Edible Holiday Gift Ideas for Fox News iMag (+ FREE holiday printables!)

On a budget this year or just looking for a fun holiday activity to do with friends or the kids? Hop on over to Fox News iMag to check out a slideshow featuring 5 of my edible holiday gift ideas. From a pretty layered Peppermint Hot Cocoa mix that can be prepared in minutes, to a recipe for delicious homemade marshmallows, you'll find ideas for all skill levels.

And for a little something extra...I'm offering up two FREE PDFs of my labels for the Peppermint Hot Cocoa and Gingerbread Pancake mixes. Click below to download and print! (I suggest printing these on card stock and then attaching to your mixes with twine or a pretty ribbon.)


Chocolate, Pecan, and Butterscotch Topped Cheesecake for Fox News iMag

As I mentioned last week, I recently taped a few holiday dessert segments for Fox News iMag showing some fun and easy ways to personalized store-bought treats (the segments were done in conjunction with Sara Lee Desserts). The second of these segments has just been posted so I'm sharing it with you today!

Of the three recipes I did that day, this one is my favorite. I took a plain cheesecake and created a delicious chocolate ganache and homemade butterscotch topping--basically a twist on the classic "turtle" dessert. When I initially got the details for this shoot, the recipe idea Sara Lee sent over called for jarred chocolate and caramel sauces, but I was like "Oh no, that's not my thing" and asked if it would be OK to just make the sauces from scratch since they only take a few minutes each to make and taste SO much better than anything you can find at the grocery store. Thankfully, they agreed!

These sauces make a fabulous topping for any type of cake, but can also be used to top ice cream or yogurt, as a dip for fruit, and to fill cookies. Both keep really well in the fridge for a couple weeks (if you can keep your spoon away from the jar long enough!).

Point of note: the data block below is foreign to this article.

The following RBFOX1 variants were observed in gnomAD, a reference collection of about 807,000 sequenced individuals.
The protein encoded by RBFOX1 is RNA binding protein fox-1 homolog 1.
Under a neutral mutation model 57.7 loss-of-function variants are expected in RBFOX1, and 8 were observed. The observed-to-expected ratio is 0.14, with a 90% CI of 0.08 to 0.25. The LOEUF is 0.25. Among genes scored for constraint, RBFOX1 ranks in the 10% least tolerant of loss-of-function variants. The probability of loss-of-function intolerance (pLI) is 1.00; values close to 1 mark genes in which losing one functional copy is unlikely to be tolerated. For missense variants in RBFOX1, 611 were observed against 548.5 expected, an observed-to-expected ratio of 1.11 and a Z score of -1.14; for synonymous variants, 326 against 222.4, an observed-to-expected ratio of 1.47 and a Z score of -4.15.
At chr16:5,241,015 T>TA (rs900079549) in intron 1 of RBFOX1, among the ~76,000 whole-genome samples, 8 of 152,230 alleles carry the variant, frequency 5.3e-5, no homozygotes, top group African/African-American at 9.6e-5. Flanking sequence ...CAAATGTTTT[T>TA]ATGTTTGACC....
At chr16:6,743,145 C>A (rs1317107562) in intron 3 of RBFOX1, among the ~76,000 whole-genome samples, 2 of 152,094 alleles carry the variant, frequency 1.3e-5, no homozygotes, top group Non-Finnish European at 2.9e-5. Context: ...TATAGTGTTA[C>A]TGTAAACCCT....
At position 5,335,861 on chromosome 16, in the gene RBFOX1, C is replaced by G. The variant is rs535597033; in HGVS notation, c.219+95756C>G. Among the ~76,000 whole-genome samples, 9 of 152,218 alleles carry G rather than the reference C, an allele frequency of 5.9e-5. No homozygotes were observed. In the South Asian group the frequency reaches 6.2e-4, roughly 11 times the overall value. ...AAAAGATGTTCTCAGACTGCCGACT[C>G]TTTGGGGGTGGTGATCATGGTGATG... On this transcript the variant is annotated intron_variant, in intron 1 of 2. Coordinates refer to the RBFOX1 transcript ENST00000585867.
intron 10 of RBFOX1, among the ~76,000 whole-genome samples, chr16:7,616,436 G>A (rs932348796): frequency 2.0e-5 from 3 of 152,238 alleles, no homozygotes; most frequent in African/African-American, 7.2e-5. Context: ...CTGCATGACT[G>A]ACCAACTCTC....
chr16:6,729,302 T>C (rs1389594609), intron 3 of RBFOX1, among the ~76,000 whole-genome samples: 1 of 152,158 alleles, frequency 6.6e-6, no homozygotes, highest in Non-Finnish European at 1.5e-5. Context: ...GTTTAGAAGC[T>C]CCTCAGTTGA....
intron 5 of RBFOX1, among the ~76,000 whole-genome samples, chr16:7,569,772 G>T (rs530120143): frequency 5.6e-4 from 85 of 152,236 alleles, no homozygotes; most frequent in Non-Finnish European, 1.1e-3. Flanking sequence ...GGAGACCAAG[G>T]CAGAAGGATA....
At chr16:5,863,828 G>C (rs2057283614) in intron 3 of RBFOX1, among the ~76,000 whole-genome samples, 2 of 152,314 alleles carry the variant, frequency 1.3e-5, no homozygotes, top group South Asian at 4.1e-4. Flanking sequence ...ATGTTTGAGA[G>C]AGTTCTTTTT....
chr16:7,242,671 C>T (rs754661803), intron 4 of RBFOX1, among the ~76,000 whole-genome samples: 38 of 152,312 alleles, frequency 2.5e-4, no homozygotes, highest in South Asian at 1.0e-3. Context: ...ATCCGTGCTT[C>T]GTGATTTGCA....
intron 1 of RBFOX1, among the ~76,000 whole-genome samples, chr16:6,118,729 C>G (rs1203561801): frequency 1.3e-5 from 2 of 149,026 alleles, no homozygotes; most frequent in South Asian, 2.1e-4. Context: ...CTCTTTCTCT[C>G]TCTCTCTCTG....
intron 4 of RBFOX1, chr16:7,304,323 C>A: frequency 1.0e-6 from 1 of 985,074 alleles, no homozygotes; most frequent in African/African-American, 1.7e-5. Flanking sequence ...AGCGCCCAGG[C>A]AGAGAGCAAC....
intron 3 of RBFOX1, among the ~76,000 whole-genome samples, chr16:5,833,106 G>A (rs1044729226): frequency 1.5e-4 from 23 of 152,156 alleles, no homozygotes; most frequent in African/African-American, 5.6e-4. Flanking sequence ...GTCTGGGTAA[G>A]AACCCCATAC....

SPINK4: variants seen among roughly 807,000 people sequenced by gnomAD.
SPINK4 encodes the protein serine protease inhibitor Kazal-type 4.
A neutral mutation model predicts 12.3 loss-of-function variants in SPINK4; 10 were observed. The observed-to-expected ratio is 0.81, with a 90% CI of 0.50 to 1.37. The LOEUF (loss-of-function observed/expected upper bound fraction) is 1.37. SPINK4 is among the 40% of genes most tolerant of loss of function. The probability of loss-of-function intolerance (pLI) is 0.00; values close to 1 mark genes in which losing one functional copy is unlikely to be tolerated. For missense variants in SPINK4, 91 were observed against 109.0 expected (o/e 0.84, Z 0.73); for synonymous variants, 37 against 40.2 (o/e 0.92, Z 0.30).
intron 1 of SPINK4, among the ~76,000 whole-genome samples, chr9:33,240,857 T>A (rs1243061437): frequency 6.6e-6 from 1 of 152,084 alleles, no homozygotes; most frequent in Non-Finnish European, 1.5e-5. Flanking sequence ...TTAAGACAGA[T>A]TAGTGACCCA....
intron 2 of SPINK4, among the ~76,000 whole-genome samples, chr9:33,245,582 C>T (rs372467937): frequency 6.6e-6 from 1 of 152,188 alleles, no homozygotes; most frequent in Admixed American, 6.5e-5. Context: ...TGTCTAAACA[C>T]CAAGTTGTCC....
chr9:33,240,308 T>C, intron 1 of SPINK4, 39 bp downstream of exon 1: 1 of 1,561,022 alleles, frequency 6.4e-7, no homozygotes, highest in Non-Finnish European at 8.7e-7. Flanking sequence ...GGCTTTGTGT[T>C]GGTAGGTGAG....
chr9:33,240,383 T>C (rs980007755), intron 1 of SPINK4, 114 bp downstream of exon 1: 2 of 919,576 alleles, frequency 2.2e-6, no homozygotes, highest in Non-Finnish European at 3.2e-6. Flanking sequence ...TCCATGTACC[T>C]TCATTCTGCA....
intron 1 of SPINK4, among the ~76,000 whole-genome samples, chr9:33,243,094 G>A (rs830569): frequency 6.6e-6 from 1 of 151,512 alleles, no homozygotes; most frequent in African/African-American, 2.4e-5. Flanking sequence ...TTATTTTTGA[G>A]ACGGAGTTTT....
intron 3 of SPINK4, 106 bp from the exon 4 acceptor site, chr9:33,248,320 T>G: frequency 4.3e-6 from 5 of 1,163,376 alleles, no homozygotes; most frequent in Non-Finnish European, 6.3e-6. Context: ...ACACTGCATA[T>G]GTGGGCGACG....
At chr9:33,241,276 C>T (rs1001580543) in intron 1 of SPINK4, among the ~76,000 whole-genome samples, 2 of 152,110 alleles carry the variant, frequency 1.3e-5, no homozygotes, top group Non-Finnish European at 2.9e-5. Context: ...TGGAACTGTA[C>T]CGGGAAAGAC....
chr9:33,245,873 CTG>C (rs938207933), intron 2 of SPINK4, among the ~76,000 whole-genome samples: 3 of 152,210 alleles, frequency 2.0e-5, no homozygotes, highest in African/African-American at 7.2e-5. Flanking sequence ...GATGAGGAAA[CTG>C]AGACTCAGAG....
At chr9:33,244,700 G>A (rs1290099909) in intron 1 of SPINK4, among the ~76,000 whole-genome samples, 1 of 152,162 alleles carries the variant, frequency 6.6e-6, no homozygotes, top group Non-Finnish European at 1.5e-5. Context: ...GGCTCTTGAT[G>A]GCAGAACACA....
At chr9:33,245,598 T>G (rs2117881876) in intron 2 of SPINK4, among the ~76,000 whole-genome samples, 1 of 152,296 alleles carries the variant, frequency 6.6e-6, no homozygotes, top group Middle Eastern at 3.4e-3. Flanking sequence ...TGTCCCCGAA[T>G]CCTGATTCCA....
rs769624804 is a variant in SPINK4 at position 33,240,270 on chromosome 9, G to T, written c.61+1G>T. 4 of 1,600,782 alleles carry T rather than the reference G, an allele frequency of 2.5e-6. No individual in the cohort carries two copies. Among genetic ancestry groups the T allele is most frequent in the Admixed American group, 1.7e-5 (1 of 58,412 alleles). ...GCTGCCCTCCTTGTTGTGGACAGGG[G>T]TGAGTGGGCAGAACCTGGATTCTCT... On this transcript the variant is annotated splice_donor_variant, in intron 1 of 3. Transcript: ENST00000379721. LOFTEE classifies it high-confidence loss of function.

Click below to watch the video.

To get the written recipe, visit iMag's Food Page

Edible Holiday Gifts (One-Day Workshop Sat, Dec 3rd, in NYC)

Want to spend a day learning how to make fun edible holiday kitchen crafts? Sign up for my Edible Holiday Gifts workshop in NYC on December 3rd!

In this 6-hour hands-on cooking and crafts class in NYC you'll learn to make 12 different edible gifts, along with packaging and presenting ideas. You'll leave class with small samples of the gifts we make, plus complete recipes and instructions to recreate them in your own home.  I'll also provide you with templates for printing out your own labels and recipe cards

A light lunch and festive cocktails will be served. This is a great class to share with a friend or family! Teens are welcome (delicious mocktails and other non-alcoholic beverages will also be available.)

In this class we'll make:
Baby Brandy Pears
Orange Vanilla Bean Marmalade
Rocky Road Fudge
Gingerbread Pancake Mix
Homemade Vanilla Extract
Homemade Anise Extract
Holiday Apricot Brandy
Hibiscus Passion Cordial
Lady Martha's Fruitcake (No groans! This one is seriously good.)
Peppermint Hot Chocolate Mix
Chai Tea Mix
Tropical Granola
Cost: $130 per person. Full payment required in advance. Spaces are extremely limited so sign up today!

20 Thanksgiving Cooking Questions Answered in 20 Words or Less

1. How do I fix lumpy gravy? Pour it into a blender or food processor and process until smooth. Or pass through a fine sieve to strain out lumps.

2. How do I keep my pie crust from getting soggy? Brush the bottom crust with beaten egg white or partially bake it before pouring in your filling.

3. What size turkey should I buy for my dinner? Calculate about one pound per every adult in attendance. If you have a small oven, consider roasting 2 smaller turkeys side-by-side.

4. What's the difference between turkey "stuffing" and "dressing"? Technically, dressing is stuffing that's cooked outside of the turkey, but it's really just regional/cultural semantics.